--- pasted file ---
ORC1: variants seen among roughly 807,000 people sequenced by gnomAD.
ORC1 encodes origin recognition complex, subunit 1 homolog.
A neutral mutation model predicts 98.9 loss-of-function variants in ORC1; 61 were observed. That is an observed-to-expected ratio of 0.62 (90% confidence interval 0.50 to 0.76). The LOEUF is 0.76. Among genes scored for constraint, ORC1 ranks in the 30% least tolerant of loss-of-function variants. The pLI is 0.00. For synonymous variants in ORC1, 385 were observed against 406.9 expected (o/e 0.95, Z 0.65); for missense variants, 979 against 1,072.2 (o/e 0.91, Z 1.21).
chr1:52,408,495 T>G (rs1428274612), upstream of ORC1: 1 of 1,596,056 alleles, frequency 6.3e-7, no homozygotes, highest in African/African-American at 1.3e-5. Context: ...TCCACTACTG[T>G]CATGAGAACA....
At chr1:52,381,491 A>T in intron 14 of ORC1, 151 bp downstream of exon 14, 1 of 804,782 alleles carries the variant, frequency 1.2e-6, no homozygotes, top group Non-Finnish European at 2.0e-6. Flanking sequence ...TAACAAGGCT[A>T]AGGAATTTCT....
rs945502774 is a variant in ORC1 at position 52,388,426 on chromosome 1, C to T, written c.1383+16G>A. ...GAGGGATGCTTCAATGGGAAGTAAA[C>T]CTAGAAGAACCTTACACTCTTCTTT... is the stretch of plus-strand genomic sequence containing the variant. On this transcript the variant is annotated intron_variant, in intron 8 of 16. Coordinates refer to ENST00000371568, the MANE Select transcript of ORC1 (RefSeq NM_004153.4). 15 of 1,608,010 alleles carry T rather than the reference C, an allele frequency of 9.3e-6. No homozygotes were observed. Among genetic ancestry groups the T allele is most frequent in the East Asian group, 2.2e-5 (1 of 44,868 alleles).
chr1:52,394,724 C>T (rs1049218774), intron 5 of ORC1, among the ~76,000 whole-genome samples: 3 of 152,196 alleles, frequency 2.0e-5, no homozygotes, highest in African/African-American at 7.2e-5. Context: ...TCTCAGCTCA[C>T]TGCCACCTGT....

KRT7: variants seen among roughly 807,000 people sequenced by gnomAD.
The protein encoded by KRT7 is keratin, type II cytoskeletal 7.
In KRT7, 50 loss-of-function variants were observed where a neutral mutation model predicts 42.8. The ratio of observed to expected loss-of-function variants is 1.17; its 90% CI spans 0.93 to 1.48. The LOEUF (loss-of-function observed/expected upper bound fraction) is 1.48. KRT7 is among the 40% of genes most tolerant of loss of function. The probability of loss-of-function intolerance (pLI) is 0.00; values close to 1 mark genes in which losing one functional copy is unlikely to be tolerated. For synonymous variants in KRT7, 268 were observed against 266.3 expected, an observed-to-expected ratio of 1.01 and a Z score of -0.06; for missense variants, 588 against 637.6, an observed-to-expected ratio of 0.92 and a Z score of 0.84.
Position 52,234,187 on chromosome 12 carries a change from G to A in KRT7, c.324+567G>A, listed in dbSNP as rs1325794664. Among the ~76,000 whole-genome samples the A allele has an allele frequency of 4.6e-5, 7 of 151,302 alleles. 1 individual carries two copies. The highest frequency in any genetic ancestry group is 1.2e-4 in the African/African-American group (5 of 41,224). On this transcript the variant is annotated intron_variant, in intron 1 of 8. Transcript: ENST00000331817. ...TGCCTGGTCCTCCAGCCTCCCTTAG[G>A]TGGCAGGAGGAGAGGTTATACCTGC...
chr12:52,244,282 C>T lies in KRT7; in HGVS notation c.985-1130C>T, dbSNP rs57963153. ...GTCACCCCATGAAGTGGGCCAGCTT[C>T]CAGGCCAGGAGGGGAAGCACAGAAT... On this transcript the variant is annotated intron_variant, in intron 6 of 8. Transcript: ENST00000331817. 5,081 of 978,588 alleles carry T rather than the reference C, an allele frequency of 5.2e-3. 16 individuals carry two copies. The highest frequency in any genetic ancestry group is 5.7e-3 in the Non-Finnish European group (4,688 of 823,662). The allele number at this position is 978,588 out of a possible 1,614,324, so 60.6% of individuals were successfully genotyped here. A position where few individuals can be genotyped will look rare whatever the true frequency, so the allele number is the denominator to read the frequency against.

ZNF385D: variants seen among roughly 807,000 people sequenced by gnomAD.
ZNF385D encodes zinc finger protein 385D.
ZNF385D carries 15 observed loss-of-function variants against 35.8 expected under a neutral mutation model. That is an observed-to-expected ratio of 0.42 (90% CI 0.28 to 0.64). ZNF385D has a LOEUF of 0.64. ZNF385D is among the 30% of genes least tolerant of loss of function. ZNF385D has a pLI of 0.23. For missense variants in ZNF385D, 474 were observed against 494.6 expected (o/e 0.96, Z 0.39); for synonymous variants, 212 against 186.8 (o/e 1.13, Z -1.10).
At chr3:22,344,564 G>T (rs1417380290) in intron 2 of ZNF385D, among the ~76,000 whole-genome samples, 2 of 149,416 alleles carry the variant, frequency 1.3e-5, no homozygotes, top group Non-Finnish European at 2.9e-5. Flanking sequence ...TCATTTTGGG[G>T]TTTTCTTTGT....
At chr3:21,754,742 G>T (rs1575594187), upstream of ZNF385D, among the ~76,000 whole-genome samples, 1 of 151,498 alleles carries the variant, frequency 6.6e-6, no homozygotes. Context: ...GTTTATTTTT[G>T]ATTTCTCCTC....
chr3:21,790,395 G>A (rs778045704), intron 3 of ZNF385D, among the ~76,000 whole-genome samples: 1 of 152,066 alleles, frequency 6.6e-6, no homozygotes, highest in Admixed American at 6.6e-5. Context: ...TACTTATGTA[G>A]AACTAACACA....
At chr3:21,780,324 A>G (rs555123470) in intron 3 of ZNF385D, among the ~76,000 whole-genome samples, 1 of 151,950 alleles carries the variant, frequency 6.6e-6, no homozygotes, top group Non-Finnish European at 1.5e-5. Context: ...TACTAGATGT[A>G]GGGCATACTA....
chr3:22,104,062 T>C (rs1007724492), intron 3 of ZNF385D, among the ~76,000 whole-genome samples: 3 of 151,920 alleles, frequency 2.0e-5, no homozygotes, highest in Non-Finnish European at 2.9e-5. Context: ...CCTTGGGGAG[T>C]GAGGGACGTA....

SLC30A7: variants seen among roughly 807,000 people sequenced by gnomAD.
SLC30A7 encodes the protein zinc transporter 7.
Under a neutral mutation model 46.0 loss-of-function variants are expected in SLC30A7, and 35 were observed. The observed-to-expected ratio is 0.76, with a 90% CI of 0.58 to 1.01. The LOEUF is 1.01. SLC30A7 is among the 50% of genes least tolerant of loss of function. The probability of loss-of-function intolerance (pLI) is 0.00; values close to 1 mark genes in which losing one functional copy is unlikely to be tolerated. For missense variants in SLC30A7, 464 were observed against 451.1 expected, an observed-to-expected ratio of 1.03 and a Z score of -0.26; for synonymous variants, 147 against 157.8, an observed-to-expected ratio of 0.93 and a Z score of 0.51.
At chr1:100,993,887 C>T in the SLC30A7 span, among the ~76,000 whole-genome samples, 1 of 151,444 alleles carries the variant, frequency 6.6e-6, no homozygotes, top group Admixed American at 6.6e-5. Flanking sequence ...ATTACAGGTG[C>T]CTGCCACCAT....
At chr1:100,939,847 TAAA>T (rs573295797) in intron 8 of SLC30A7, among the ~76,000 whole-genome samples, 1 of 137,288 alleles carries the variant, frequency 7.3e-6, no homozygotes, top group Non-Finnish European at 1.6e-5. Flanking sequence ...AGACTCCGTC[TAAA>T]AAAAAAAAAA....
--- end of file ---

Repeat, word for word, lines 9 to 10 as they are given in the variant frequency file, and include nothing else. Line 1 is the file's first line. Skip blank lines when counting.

The protein encoded by KRT7 is keratin, type II cytoskeletal 7.
In KRT7, 50 loss-of-function variants were observed where a neutral mutation model predicts 42.8. The ratio of observed to expected loss-of-function variants is 1.17; its 90% CI spans 0.93 to 1.48. The LOEUF (loss-of-function observed/expected upper bound fraction) is 1.48. KRT7 is among the 40% of genes most tolerant of loss of function. The probability of loss-of-function intolerance (pLI) is 0.00; values close to 1 mark genes in which losing one functional copy is unlikely to be tolerated. For synonymous variants in KRT7, 268 were observed against 266.3 expected, an observed-to-expected ratio of 1.01 and a Z score of -0.06; for missense variants, 588 against 637.6, an observed-to-expected ratio of 0.92 and a Z score of 0.84.